by Emma Lee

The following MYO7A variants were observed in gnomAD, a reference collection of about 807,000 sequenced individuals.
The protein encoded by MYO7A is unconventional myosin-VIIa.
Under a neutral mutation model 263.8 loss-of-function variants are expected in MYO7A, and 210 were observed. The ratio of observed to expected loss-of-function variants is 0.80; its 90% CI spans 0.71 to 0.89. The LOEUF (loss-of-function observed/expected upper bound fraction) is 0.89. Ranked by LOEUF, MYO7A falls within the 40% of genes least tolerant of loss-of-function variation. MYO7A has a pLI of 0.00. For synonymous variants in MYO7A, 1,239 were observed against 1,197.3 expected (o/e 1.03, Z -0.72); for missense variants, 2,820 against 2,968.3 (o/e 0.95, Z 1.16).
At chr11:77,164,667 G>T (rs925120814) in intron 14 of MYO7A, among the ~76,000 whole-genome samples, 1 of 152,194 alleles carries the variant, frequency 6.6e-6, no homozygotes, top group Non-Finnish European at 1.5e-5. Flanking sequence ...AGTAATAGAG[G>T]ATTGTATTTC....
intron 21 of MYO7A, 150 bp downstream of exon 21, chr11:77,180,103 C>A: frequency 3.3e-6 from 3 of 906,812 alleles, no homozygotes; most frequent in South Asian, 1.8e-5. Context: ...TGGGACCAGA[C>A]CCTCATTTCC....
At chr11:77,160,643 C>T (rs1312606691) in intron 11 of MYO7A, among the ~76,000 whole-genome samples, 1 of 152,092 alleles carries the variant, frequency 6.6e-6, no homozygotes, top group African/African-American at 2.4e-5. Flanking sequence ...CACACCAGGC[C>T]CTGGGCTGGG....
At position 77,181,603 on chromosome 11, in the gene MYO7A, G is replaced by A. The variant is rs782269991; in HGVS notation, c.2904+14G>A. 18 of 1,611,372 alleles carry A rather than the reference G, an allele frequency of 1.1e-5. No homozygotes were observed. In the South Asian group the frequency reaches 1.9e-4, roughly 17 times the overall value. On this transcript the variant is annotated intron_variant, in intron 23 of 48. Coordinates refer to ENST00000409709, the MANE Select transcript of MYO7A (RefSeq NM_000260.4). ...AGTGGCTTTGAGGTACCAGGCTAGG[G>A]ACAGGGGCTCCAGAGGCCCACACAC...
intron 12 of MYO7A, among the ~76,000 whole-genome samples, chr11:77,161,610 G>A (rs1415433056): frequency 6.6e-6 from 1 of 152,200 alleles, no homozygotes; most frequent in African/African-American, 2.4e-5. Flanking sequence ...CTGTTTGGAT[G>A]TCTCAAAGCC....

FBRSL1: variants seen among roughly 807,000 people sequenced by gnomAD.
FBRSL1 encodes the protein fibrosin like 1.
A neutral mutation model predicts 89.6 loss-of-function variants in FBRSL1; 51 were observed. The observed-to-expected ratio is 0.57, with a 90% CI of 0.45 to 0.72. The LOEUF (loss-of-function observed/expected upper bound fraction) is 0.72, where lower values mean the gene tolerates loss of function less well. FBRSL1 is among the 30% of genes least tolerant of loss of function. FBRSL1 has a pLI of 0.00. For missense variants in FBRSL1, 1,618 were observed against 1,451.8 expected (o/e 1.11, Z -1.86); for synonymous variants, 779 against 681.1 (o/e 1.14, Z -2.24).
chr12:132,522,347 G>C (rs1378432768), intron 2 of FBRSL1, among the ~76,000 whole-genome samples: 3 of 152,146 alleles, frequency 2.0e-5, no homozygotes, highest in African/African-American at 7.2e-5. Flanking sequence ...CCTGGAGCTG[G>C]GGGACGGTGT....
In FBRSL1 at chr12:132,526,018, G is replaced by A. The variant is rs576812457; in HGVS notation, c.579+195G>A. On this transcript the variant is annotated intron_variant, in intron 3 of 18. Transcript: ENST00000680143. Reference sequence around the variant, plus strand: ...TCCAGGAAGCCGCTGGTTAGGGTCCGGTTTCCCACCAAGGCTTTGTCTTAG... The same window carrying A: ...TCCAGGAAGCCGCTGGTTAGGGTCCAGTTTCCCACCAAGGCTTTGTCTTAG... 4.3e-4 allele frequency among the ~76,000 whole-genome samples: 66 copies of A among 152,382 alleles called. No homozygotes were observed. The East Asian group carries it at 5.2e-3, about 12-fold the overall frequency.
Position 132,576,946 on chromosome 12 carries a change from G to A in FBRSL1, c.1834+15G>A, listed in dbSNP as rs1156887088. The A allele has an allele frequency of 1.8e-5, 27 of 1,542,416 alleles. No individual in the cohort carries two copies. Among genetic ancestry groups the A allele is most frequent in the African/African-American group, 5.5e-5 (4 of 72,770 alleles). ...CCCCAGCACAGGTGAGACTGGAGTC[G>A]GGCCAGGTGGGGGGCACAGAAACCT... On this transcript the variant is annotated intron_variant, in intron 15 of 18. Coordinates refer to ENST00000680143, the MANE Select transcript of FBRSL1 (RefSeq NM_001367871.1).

The Director’s note explains the concept of a dansical – “a show with no dialogue and no singing. We wanted to create a show where we would establish concrete characters and story by using movement, video and other staging while focusing on dance.” So….a dance show? Never one to shy away from new forms, I was intrigued. And then immediately disappointed. On the one hand, exactly what was promised was delivered. The story progressed without a word. Instead, all the good ole fashion cheese of music theatre got translated into long looks, overdramatic shoulder pats and the ever popular sympathetic head nod. Not that it is surprising that the ‘acting’ failed, there is barely an acting credit among the cast of 8. Likewise unsuccessful were the solo dances that were inserted at the peak of each character's emotional vulnerability. You know, where the power ballads would be. Instead, cliché movement to canned music succeeded neither in moving the story or the audience. Probably the most problematic of all was the intense sincerity of the piece. Look at your title. A Gay Dansical suggests whimsy, fun, and a glorious gay time not neutral mask, shaky videos and feigned emotions (complete with a video at the end that is a montage of the videos you just saw over the past hour). Not surprising, the most successful moments of the show were the ones that should be danced. There are a few tight group numbers that do exactly what one would expect. They are fun, well executed, and even touching. However it is way too little, way too late.